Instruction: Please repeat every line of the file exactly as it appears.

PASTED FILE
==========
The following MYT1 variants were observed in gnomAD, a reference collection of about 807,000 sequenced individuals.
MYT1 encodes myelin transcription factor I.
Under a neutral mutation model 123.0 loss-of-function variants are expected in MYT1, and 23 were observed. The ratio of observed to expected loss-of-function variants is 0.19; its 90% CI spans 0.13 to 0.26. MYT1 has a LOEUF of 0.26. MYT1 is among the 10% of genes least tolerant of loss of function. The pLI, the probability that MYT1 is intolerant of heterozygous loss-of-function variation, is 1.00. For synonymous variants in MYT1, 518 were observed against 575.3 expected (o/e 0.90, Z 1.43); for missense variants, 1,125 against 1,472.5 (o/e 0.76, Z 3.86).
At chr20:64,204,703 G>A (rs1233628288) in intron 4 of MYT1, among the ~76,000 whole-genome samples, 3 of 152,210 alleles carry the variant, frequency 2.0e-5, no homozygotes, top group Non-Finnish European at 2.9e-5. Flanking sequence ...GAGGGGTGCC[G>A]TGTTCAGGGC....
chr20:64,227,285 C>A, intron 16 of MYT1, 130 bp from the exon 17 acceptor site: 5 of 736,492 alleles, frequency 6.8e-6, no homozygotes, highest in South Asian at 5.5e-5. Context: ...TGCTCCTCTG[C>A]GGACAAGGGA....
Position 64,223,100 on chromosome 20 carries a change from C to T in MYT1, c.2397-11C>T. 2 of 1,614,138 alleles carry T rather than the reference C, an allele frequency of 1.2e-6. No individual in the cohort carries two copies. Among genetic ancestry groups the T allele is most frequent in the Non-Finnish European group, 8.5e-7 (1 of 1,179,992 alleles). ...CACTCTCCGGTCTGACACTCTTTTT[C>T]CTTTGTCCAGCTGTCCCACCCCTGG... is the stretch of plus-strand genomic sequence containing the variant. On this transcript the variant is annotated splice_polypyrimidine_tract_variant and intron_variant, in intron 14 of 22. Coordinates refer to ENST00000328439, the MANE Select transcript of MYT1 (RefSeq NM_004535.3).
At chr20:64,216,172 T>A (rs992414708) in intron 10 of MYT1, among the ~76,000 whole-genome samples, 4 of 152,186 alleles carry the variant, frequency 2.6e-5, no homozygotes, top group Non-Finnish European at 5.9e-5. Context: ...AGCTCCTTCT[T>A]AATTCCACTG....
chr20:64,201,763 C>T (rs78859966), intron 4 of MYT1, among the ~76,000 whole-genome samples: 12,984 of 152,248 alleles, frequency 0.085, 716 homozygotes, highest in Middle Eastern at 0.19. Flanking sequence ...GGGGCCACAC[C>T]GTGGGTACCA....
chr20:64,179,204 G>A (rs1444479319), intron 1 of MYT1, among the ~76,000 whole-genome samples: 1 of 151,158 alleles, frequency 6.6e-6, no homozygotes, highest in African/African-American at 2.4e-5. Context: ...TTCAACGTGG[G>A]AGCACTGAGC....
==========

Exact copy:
The following MYT1 variants were observed in gnomAD, a reference collection of about 807,000 sequenced individuals.
MYT1 encodes myelin transcription factor I.
Under a neutral mutation model 123.0 loss-of-function variants are expected in MYT1, and 23 were observed. The ratio of observed to expected loss-of-function variants is 0.19; its 90% CI spans 0.13 to 0.26. MYT1 has a LOEUF of 0.26. MYT1 is among the 10% of genes least tolerant of loss of function. The pLI, the probability that MYT1 is intolerant of heterozygous loss-of-function variation, is 1.00. For synonymous variants in MYT1, 518 were observed against 575.3 expected (o/e 0.90, Z 1.43); for missense variants, 1,125 against 1,472.5 (o/e 0.76, Z 3.86).
At chr20:64,204,703 G>A (rs1233628288) in intron 4 of MYT1, among the ~76,000 whole-genome samples, 3 of 152,210 alleles carry the variant, frequency 2.0e-5, no homozygotes, top group Non-Finnish European at 2.9e-5. Flanking sequence ...GAGGGGTGCC[G>A]TGTTCAGGGC....
chr20:64,227,285 C>A, intron 16 of MYT1, 130 bp from the exon 17 acceptor site: 5 of 736,492 alleles, frequency 6.8e-6, no homozygotes, highest in South Asian at 5.5e-5. Context: ...TGCTCCTCTG[C>A]GGACAAGGGA....
Position 64,223,100 on chromosome 20 carries a change from C to T in MYT1, c.2397-11C>T. 2 of 1,614,138 alleles carry T rather than the reference C, an allele frequency of 1.2e-6. No individual in the cohort carries two copies. Among genetic ancestry groups the T allele is most frequent in the Non-Finnish European group, 8.5e-7 (1 of 1,179,992 alleles). ...CACTCTCCGGTCTGACACTCTTTTT[C>T]CTTTGTCCAGCTGTCCCACCCCTGG... is the stretch of plus-strand genomic sequence containing the variant. On this transcript the variant is annotated splice_polypyrimidine_tract_variant and intron_variant, in intron 14 of 22. Coordinates refer to ENST00000328439, the MANE Select transcript of MYT1 (RefSeq NM_004535.3).
At chr20:64,216,172 T>A (rs992414708) in intron 10 of MYT1, among the ~76,000 whole-genome samples, 4 of 152,186 alleles carry the variant, frequency 2.6e-5, no homozygotes, top group Non-Finnish European at 5.9e-5. Context: ...AGCTCCTTCT[T>A]AATTCCACTG....
chr20:64,201,763 C>T (rs78859966), intron 4 of MYT1, among the ~76,000 whole-genome samples: 12,984 of 152,248 alleles, frequency 0.085, 716 homozygotes, highest in Middle Eastern at 0.19. Flanking sequence ...GGGGCCACAC[C>T]GTGGGTACCA....
chr20:64,179,204 G>A (rs1444479319), intron 1 of MYT1, among the ~76,000 whole-genome samples: 1 of 151,158 alleles, frequency 6.6e-6, no homozygotes, highest in African/African-American at 2.4e-5. Context: ...TTCAACGTGG[G>A]AGCACTGAGC....